Britain is a notorious haven for dirty money MPs now have the chance to crack down
Today, this government will have an unprecedented opportunity to end Britains role as a hub for kleptocrats and criminals who want to launder their cash. The long-awaited economic crime and corporate transparency bill returns to the House of Commons, where MPs will vote on a slew of amendments from the Lords that seek to close gaping loopholes.
The role of the UK and its offshore territories in pandering to wealthy foreigners was thrown into sharp focus by Russias invasion of Ukraine in February last year. Those closest to Vladimir Putin and his war machine many of whom have long used Londongrad as a playground were slapped with sanctions, and their known assets frozen. The government hastily passed its Economic Crime (Transparency and Enforcement) Act 2022, making it easier, among other measures, to prosecute anyone involved in busting sanctions.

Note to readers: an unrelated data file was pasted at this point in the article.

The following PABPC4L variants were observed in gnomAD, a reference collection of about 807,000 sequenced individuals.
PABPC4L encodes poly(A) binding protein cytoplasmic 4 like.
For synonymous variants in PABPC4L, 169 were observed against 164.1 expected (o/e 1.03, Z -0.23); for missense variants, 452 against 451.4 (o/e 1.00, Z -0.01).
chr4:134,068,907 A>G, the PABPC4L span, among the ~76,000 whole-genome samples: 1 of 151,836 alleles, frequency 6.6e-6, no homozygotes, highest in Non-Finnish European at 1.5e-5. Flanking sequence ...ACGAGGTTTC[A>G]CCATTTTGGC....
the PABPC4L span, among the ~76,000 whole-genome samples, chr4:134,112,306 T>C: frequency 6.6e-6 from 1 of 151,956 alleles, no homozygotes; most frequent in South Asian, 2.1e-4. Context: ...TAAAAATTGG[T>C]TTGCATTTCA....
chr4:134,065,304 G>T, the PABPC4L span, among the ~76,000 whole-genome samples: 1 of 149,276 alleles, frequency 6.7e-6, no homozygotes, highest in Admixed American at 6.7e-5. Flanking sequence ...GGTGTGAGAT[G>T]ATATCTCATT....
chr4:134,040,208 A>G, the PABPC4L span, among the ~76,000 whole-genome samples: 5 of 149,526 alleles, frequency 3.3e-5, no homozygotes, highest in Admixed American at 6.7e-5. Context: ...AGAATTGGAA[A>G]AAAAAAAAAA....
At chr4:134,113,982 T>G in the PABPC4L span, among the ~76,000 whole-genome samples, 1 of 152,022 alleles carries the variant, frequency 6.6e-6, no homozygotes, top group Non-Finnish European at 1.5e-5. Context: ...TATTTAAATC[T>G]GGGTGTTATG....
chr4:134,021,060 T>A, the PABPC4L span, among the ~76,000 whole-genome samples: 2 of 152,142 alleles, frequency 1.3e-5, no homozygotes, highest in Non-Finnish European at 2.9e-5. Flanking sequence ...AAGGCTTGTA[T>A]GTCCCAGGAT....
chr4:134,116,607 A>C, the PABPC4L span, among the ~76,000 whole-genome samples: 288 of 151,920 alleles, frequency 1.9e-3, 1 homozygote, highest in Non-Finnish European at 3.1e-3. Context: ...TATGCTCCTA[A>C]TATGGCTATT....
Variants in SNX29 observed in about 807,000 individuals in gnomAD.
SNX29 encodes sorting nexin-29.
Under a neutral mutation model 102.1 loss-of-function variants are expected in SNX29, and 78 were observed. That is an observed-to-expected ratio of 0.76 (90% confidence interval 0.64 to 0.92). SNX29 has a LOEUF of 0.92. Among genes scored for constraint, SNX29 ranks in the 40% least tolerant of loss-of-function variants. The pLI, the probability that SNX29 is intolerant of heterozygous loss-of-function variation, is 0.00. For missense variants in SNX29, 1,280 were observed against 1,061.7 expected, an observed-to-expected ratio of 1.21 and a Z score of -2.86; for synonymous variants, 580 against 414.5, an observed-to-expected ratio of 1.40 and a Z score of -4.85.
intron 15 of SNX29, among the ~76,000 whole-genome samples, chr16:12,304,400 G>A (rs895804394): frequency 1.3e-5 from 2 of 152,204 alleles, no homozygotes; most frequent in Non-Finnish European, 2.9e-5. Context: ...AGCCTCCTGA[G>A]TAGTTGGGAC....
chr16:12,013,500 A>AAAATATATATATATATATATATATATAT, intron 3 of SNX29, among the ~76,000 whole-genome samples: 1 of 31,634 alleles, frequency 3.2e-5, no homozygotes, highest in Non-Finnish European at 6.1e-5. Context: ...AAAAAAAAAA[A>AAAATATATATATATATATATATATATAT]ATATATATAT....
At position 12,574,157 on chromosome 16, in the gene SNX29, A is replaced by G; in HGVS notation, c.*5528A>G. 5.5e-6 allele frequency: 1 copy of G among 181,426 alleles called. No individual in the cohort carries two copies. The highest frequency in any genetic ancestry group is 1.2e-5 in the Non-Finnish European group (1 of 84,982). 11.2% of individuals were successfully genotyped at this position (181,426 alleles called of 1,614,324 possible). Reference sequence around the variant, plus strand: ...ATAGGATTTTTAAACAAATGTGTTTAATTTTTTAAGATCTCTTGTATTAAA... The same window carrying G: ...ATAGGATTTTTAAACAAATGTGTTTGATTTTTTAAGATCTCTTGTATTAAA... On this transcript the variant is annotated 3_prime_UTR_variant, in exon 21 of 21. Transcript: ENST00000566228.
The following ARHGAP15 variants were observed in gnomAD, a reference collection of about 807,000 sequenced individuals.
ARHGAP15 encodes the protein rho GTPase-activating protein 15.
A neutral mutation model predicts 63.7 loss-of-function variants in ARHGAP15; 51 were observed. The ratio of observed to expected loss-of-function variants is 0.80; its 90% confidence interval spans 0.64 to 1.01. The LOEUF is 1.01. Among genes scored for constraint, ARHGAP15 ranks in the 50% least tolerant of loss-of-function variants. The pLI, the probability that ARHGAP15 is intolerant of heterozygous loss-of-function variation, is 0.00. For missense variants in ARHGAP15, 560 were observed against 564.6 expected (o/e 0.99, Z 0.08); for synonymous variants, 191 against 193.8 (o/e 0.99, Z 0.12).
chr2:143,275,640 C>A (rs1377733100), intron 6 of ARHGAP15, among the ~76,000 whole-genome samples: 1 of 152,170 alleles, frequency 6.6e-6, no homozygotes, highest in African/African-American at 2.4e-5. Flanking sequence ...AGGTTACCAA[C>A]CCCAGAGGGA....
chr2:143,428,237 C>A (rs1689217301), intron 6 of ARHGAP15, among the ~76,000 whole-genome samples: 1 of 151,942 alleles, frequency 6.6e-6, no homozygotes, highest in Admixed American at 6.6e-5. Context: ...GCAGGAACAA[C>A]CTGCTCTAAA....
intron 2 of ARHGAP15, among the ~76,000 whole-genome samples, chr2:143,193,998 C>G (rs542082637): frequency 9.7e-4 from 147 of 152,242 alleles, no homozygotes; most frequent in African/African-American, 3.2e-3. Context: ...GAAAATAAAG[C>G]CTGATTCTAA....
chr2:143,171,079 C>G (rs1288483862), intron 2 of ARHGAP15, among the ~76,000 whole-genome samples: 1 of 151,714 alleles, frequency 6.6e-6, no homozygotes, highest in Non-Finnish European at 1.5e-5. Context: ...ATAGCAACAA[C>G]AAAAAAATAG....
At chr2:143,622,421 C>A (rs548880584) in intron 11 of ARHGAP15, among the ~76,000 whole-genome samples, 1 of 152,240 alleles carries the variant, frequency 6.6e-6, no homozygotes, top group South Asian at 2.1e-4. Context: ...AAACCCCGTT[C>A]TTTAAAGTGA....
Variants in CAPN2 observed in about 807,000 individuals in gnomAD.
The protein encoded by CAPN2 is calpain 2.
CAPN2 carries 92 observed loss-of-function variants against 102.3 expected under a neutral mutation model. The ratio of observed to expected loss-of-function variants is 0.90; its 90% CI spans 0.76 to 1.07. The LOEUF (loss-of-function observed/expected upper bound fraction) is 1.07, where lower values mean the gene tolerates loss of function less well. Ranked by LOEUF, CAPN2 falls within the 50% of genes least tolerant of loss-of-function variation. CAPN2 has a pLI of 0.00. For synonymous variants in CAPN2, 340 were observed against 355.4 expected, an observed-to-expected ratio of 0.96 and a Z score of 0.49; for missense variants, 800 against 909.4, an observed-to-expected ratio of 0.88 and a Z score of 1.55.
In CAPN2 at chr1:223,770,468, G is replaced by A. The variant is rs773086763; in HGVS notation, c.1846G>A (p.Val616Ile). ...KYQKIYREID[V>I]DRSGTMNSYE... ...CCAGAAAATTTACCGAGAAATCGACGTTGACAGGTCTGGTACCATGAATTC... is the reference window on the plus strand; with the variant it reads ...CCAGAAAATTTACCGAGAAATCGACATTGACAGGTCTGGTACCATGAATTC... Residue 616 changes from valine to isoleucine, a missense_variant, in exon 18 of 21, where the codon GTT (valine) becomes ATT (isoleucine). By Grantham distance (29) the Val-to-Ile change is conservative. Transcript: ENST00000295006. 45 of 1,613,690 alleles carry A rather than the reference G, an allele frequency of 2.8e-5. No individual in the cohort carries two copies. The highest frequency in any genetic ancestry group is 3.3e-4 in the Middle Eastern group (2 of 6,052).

But how to freeze assets if we dont know where they are? There are 93,537 properties in England and Wales owned through opaque offshore companies, from luxury Knightsbridge penthouses to mansions in Surrey. Though the 2022 act brought in the new Register of Overseas Entities, where beneficial owners must be logged, there are still legal ways round this; and figures released by Transparency International in February suggest the owners of more than 50,000 offshore-held properties remain anonymous.